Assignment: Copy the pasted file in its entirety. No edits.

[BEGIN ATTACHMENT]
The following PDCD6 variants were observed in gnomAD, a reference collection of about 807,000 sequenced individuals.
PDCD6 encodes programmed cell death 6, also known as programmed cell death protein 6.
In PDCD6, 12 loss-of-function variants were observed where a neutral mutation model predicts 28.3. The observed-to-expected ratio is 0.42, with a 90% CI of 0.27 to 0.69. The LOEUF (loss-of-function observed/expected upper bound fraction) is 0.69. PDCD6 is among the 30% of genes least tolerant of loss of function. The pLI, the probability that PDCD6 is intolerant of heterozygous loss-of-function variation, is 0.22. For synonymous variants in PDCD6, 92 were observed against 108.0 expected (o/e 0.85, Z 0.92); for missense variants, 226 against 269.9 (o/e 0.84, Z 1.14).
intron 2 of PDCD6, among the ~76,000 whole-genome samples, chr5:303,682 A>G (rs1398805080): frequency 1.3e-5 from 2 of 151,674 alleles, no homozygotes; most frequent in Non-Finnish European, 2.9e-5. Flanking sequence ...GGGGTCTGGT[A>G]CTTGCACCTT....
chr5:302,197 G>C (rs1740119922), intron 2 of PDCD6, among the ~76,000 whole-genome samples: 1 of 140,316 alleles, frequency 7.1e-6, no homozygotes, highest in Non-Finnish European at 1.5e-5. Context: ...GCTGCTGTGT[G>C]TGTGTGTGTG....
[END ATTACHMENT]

The following PDCD6 variants were observed in gnomAD, a reference collection of about 807,000 sequenced individuals.
PDCD6 encodes programmed cell death 6, also known as programmed cell death protein 6.
In PDCD6, 12 loss-of-function variants were observed where a neutral mutation model predicts 28.3. The observed-to-expected ratio is 0.42, with a 90% CI of 0.27 to 0.69. The LOEUF (loss-of-function observed/expected upper bound fraction) is 0.69. PDCD6 is among the 30% of genes least tolerant of loss of function. The pLI, the probability that PDCD6 is intolerant of heterozygous loss-of-function variation, is 0.22. For synonymous variants in PDCD6, 92 were observed against 108.0 expected (o/e 0.85, Z 0.92); for missense variants, 226 against 269.9 (o/e 0.84, Z 1.14).
intron 2 of PDCD6, among the ~76,000 whole-genome samples, chr5:303,682 A>G (rs1398805080): frequency 1.3e-5 from 2 of 151,674 alleles, no homozygotes; most frequent in Non-Finnish European, 2.9e-5. Flanking sequence ...GGGGTCTGGT[A>G]CTTGCACCTT....
chr5:302,197 G>C (rs1740119922), intron 2 of PDCD6, among the ~76,000 whole-genome samples: 1 of 140,316 alleles, frequency 7.1e-6, no homozygotes, highest in Non-Finnish European at 1.5e-5. Context: ...GCTGCTGTGT[G>C]TGTGTGTGTG....